The Gift of Forgiveness

Are there people in your life that harmed you at one time or another that you haven’t forgiven? What’s stopping you? Perhaps you feel they don’t deserve forgiveness. Usually, that builds a wall of resentment forgiveness can’t penetrate. That’s dangerous. I once heard resentment is like taking poison yourself and hoping the other person dies. 


By creating barriers to forgiving others, we keep our wounds open. In fact, each time we think of the offending incident, we infect those wounds by allowing resentment, anger, and feelings of injustice to rise up in us. The irony is that it’s unlikely that the offenders are aware of or even remember their offenses against us. So instead, we’ve taken their acts of harm and now use them to continue harming ourselves.


Close the chapter of unforgiven wrongdoings in your life. For your own healing, take steps to forgive those that haunt. It may be difficult. Perhaps the offender has died or is no longer part of your life. Maybe you don’t know how to approach the topic directly. Then just do what you can with what you have and where you are. 


Say a prayer of forgiveness for them. Or write a letter detailing how you were injured and express your desire to let it go by forgiving them. Finally, consider if you played any part in what led to the offense against you. If you find something, forgive yourself. And at the end of your journey toward forgiveness, you will find the gift it holds for you.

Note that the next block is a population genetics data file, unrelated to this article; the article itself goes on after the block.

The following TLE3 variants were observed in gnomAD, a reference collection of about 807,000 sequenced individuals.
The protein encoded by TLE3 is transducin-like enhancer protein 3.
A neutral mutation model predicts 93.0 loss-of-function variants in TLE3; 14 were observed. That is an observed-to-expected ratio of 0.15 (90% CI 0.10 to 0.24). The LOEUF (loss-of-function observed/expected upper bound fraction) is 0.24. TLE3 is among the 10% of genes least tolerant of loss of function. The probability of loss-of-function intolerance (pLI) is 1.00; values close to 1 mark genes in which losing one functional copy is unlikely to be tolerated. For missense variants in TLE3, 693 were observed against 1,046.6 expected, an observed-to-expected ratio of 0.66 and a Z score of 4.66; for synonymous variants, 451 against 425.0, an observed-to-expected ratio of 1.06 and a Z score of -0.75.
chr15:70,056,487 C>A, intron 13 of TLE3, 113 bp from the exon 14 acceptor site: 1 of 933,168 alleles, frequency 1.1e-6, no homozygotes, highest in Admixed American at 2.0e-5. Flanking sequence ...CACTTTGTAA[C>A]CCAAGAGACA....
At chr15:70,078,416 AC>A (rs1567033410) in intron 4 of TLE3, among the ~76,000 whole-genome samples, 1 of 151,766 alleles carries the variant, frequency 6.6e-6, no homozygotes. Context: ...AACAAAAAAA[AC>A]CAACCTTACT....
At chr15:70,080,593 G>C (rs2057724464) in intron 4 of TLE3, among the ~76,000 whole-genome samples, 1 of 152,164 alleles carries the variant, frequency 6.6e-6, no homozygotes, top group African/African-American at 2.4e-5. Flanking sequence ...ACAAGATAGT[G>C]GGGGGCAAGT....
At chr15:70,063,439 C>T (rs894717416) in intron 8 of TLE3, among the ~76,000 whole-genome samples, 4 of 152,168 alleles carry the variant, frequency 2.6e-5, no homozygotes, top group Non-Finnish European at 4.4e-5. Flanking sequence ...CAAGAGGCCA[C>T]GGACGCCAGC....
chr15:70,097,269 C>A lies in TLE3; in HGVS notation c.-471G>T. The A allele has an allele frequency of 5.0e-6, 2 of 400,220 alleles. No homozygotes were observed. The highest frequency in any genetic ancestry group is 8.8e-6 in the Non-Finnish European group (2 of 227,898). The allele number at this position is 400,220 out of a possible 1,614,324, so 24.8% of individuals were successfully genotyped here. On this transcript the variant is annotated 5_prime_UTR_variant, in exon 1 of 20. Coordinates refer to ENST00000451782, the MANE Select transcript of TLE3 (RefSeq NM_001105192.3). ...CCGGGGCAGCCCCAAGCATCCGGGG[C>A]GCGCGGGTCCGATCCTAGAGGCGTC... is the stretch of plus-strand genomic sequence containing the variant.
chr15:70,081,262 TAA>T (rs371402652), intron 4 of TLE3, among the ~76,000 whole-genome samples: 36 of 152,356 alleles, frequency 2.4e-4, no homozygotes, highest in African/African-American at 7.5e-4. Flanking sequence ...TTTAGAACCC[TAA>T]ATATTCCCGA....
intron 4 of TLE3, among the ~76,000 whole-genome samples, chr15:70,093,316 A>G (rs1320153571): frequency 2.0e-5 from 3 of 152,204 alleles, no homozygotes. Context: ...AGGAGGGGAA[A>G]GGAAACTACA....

David Crawford, retired Creighton University archivist, expresses it this way:


"Forgiveness yields immense benefits. Recognize that being able to forgive fully and completely is not a burden; it is a blessing. When we are able to forgive, we are freed from feelings and forces that harm us and those around us. We can let go of anger, hatred, bitterness, hurt, even judgmental self-righteousness. Letting go frees us from those pains (and from the chore of keeping count), and it allows us to change our focus away from what was done to us so that we can recall the many good things done for us. You may not feel that the person who offended you deserves to be forgiven—but you deserve the blessing of being able to forgive."



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